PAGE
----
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Jangarh Singh Shyam—tribal painter from Madhya Pradesh who put India on global art map

Jangarh Singh Shyam is credited as the originator of the Pardhan style of painting, also known as Jangarh Kalam.

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A pioneer of the Jangarh Kalam, Jangarh Singh Shyam was an artist from eastern Madhya Pradesh and is credited as the originator of the Pardhan style of painting.

Jangarh belonged to the Pardhan community of Patangarh, in the Dindori district of Madhya Pradesh. His artistic trajectory began when he encountered a team put together by Jagdish Swaminathan in 1980–81 as part of the documentation and collection drive for the folk and adivasi art wing of the Roopankar Museum at Bharat Bhavan, Bhopal. While Jangarh was already well-known in his community for his artistic skill, this encounter and subsequent interactions with Swaminathan paved the way for his frequent travels to Bhopal, where he participated in artist camps. During these visits, he reinterpreted his community’s myths using the rituals, symbols, domestic clay-relief work and musical traditions of the community. He was also introduced to new painting materials such as poster colours, acrylic paints and paper, as well as printmaking techniques at Bharat Bhavan.

At Bharat Bhavan, Jangarh created a highly experimental visual language of pictorial expression informed by Modernist sensibilities and which differed from other folk and tribal forms in the contemporary art space. Between 1983–84, Jangarh worked at Bharat Bhavan’s graphics studio, where he began creating unique multichromatic prints. These prints featured repeated impressions and variations in tone and texture that were achieved by scratching, scraping and splashing. The works were shown at the 1990 Bharat Bhavan International Print Biennial.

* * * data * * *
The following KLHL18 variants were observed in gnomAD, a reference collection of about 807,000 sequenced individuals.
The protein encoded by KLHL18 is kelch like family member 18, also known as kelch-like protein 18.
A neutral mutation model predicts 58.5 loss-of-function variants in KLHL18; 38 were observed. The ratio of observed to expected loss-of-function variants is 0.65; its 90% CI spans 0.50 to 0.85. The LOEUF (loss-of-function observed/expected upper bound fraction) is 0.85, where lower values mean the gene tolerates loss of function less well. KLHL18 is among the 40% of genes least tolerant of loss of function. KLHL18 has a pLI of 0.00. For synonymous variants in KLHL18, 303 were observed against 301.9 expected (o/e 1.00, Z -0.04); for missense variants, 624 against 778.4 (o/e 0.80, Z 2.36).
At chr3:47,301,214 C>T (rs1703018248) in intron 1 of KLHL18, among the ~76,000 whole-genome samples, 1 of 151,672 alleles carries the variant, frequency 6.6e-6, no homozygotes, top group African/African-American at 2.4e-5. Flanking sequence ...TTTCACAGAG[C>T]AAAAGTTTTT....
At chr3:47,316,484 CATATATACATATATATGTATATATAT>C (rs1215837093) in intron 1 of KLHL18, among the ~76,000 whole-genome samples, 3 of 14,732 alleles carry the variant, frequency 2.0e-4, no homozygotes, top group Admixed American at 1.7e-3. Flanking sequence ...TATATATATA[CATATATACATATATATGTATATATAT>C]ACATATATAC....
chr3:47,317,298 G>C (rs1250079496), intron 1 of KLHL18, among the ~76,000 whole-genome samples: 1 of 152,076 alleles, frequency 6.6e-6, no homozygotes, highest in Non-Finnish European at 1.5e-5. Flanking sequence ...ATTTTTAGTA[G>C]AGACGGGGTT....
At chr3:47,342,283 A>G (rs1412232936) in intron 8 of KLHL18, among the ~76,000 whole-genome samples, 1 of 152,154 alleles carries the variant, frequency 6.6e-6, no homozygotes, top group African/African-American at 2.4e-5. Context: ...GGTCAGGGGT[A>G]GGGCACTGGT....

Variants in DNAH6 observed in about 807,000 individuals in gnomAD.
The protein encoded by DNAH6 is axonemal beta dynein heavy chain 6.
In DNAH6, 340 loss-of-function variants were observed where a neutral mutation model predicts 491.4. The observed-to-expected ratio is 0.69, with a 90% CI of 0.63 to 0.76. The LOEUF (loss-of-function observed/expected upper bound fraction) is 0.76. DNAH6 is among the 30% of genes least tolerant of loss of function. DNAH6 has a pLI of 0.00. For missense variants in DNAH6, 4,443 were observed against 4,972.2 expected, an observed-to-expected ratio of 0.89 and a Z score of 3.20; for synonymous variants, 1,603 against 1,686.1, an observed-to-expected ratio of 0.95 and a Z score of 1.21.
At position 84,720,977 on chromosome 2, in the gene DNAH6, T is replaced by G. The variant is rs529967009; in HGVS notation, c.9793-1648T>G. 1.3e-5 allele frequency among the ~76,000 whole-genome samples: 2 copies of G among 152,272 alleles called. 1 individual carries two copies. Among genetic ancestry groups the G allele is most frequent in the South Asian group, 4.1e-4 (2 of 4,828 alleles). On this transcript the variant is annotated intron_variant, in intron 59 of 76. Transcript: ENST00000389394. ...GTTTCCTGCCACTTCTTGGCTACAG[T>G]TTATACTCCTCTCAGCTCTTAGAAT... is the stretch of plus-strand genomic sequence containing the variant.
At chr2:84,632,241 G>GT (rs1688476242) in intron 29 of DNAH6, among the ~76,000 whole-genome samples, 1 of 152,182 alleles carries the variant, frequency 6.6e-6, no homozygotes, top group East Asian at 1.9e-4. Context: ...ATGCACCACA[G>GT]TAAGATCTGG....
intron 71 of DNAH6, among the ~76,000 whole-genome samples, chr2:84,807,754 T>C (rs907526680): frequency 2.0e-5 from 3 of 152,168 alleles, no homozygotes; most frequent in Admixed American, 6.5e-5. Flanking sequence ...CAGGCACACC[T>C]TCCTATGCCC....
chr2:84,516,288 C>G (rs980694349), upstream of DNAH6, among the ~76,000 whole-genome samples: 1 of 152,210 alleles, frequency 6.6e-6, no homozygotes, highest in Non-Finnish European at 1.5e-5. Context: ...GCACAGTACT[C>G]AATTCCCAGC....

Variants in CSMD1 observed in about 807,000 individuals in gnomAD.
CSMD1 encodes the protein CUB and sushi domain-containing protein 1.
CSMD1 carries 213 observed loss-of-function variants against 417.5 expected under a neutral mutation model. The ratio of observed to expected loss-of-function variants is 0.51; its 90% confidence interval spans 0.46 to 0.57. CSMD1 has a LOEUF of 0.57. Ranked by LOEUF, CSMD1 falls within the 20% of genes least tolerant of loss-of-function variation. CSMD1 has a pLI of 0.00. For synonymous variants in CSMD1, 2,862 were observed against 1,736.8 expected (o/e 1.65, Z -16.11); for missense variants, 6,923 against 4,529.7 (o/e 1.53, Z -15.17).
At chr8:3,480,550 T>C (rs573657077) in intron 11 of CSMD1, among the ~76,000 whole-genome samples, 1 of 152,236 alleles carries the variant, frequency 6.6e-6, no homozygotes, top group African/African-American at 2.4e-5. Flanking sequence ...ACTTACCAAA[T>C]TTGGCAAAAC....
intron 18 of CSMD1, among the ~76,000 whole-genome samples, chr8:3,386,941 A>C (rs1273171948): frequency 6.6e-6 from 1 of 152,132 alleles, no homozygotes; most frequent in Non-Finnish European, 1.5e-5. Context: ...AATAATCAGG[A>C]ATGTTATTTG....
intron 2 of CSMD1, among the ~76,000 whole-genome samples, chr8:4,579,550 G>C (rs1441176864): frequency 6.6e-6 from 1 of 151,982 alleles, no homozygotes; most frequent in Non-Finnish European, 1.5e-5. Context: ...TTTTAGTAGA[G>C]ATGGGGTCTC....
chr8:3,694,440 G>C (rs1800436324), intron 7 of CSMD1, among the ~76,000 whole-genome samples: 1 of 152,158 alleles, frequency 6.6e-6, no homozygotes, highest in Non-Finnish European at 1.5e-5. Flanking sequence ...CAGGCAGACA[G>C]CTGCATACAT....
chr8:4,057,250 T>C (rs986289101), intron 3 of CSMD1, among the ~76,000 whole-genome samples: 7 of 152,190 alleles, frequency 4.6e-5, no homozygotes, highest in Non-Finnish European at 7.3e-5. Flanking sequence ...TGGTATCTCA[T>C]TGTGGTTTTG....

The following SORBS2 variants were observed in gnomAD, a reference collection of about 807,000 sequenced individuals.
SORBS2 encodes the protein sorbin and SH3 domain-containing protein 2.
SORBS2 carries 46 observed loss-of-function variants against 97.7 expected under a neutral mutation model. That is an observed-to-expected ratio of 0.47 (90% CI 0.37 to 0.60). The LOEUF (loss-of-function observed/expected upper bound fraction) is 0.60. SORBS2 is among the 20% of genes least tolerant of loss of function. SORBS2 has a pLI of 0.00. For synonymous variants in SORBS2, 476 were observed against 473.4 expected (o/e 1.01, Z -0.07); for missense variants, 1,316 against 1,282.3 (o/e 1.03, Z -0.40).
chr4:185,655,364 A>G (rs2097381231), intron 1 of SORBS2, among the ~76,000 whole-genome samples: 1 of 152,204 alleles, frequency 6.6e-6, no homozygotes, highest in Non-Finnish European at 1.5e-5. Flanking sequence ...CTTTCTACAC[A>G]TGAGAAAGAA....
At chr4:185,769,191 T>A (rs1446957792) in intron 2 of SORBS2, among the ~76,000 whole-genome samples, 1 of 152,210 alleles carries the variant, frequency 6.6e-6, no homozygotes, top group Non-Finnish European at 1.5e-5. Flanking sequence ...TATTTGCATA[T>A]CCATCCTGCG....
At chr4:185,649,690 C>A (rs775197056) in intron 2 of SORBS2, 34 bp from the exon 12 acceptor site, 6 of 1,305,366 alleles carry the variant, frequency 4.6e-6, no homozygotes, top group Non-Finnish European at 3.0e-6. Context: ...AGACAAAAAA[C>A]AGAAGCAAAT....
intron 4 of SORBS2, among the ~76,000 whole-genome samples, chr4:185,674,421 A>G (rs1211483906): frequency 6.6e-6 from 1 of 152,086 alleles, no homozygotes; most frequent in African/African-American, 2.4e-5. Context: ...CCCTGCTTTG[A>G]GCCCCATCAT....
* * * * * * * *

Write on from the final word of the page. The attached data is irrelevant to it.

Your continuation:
Nevla Saap (Mongoose and Snake), Jangarh Singh Shyam, c. 1998, Pen and ink on paper.
Chachan and the Snake, Jangarh Singh Shyam, c. 1997, Pen and ink on paper. Image courtesy of the Museum of Art & Photography (MAP), Bengaluru.

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While most of Jangarh’s early compositions were interpretive and representative, the process of displacing the single, iconic images of Pardhan deities to paper and canvas, and later, gallery and museum, led to his work becoming more narrative, as evident in works such as Pandawani Kathas (c. 1985), which depict mythological stories such as those of Sravana, Shiva and Parvati and Draupadi and the Pandavas, using devices such as cartographic compositions, figure placements within colour-blocked areas and aerial perspectives to successfully create multiple episodic narratives within a single frame.

Jangarh’s visual compositions of Pardhan gods were initially restricted to lone deities in the centre of his canvas, where they are shown holding spikes, tridents and scourges, squatting on a seat of nails and surrounded by flags, tridents and oil-lamps. The deities of local Pardhan shrines, such as Baba Dev, Phulwari Devi, Narayan Dev, Hanuman and Budha Dev, were depicted in their malevolent or benign forms. The contours of the deities are thought to have been inspired by the bana, a sacred musical instrument of the Pardhan bards in which the god Bara Dev is believed to reside. While the Pardhan gods were conventionally represented in geometric forms, Jangarh envisioned them as semi-anthropomorphic. He also used richly coloured dots in his work, inspired by the dotted flowers of the parsa (flame of the forest) tree as well as the dotted chintz costumes worn by the masters of religious ceremonies. The myth-making artistic traditions of Bhil artists, with whom he interacted at Bharat Bhavan, provided another point of reference.